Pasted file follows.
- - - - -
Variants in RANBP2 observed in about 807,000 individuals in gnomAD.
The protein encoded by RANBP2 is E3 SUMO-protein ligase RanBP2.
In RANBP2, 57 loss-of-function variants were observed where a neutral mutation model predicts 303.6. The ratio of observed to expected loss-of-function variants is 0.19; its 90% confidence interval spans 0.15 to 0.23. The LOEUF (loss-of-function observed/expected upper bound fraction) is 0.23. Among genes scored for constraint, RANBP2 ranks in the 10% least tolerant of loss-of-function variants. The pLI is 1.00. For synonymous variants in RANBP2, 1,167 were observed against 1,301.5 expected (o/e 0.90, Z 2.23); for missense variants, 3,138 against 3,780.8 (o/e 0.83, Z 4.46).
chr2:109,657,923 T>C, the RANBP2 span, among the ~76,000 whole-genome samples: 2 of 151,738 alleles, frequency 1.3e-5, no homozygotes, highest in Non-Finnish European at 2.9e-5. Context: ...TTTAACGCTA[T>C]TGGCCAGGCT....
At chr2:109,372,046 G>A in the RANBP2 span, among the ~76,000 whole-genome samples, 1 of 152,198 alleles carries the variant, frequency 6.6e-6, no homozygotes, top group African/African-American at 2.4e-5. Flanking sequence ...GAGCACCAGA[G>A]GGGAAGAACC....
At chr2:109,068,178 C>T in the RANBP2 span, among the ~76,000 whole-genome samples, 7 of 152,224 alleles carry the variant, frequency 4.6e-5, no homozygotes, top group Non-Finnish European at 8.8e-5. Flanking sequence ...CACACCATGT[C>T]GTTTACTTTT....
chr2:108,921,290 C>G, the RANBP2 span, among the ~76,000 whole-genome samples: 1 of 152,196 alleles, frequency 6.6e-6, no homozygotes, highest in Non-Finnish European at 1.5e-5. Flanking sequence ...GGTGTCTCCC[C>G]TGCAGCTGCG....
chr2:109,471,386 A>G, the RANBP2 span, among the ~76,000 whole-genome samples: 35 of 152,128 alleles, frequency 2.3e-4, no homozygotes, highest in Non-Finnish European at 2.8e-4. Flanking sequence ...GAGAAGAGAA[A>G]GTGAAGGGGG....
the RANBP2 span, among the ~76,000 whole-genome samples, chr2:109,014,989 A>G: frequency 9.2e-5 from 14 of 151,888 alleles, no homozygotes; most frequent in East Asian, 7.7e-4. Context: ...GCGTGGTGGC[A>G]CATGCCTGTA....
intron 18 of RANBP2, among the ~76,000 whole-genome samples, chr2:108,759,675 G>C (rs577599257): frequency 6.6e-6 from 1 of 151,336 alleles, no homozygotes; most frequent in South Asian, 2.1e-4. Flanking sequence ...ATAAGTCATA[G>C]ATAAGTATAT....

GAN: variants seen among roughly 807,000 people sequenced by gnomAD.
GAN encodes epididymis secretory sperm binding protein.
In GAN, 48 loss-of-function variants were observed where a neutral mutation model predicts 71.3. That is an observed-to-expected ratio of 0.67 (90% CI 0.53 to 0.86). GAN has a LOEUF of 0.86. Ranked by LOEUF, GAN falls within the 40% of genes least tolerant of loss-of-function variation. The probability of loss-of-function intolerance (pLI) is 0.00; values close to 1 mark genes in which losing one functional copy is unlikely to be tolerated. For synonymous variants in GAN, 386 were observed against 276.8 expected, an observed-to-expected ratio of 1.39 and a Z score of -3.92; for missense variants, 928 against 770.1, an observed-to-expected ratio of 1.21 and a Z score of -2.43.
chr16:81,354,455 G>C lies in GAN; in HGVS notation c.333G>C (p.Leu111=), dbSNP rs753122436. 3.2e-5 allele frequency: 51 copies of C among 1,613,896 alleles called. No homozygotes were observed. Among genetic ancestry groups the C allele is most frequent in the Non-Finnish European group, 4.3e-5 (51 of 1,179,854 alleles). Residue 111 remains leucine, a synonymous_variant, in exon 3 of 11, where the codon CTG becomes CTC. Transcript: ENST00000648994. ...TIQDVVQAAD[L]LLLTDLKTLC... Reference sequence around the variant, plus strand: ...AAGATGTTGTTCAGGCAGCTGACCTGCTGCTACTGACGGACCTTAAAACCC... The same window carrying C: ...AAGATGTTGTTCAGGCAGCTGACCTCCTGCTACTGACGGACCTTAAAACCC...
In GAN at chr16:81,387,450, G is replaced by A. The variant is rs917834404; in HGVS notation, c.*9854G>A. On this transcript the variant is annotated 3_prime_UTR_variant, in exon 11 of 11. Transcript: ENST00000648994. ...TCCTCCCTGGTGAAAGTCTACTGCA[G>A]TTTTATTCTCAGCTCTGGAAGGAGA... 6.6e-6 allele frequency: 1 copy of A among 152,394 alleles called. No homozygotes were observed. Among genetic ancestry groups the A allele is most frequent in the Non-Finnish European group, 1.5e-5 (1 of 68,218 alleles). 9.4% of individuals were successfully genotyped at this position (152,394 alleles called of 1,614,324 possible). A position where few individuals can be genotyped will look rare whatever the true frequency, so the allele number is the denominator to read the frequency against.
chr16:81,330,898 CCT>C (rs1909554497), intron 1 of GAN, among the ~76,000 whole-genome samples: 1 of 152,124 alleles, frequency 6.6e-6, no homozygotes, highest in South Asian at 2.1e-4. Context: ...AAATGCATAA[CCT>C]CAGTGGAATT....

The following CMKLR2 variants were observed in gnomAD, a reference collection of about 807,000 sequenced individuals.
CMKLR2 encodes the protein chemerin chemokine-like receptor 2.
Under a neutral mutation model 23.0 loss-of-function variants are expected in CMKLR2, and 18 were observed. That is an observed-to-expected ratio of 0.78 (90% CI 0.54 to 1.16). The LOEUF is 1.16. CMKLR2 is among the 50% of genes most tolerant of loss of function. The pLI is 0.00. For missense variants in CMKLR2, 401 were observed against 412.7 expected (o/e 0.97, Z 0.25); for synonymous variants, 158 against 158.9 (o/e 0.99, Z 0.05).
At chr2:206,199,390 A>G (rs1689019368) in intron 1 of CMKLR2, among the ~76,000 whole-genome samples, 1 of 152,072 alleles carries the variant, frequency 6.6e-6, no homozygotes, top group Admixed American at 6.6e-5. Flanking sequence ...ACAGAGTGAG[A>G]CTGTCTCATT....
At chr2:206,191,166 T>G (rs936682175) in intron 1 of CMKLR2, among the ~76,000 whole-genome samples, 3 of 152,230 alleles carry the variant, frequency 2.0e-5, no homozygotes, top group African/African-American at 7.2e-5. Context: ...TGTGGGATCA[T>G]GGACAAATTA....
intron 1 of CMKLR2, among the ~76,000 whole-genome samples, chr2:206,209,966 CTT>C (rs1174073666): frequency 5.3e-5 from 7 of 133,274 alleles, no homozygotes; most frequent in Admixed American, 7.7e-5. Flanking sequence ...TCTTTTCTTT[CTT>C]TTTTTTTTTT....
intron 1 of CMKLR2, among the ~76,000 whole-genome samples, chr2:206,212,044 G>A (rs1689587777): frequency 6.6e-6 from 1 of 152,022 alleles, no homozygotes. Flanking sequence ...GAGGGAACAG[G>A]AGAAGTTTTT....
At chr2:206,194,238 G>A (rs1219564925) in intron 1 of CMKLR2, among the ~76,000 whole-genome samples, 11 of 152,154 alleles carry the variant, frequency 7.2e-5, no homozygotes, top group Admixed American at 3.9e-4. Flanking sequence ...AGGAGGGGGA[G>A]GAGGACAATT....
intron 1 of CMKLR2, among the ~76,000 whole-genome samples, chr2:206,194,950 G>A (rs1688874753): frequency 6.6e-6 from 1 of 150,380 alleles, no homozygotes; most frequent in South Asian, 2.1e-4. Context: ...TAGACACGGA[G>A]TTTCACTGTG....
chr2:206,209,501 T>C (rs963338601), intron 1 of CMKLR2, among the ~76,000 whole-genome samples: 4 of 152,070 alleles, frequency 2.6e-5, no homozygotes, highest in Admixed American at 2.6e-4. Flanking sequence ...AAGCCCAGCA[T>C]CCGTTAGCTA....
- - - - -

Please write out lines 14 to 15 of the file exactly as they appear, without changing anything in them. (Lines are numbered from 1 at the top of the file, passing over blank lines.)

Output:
chr16:81,354,455 G>C lies in GAN; in HGVS notation c.333G>C (p.Leu111=), dbSNP rs753122436. 3.2e-5 allele frequency: 51 copies of C among 1,613,896 alleles called. No homozygotes were observed. Among genetic ancestry groups the C allele is most frequent in the Non-Finnish European group, 4.3e-5 (51 of 1,179,854 alleles). Residue 111 remains leucine, a synonymous_variant, in exon 3 of 11, where the codon CTG becomes CTC. Transcript: ENST00000648994. ...TIQDVVQAAD[L]LLLTDLKTLC... Reference sequence around the variant, plus strand: ...AAGATGTTGTTCAGGCAGCTGACCTGCTGCTACTGACGGACCTTAAAACCC... The same window carrying C: ...AAGATGTTGTTCAGGCAGCTGACCTCCTGCTACTGACGGACCTTAAAACCC...
In GAN at chr16:81,387,450, G is replaced by A. The variant is rs917834404; in HGVS notation, c.*9854G>A. On this transcript the variant is annotated 3_prime_UTR_variant, in exon 11 of 11. Transcript: ENST00000648994. ...TCCTCCCTGGTGAAAGTCTACTGCA[G>A]TTTTATTCTCAGCTCTGGAAGGAGA... 6.6e-6 allele frequency: 1 copy of A among 152,394 alleles called. No homozygotes were observed. Among genetic ancestry groups the A allele is most frequent in the Non-Finnish European group, 1.5e-5 (1 of 68,218 alleles). 9.4% of individuals were successfully genotyped at this position (152,394 alleles called of 1,614,324 possible). A position where few individuals can be genotyped will look rare whatever the true frequency, so the allele number is the denominator to read the frequency against.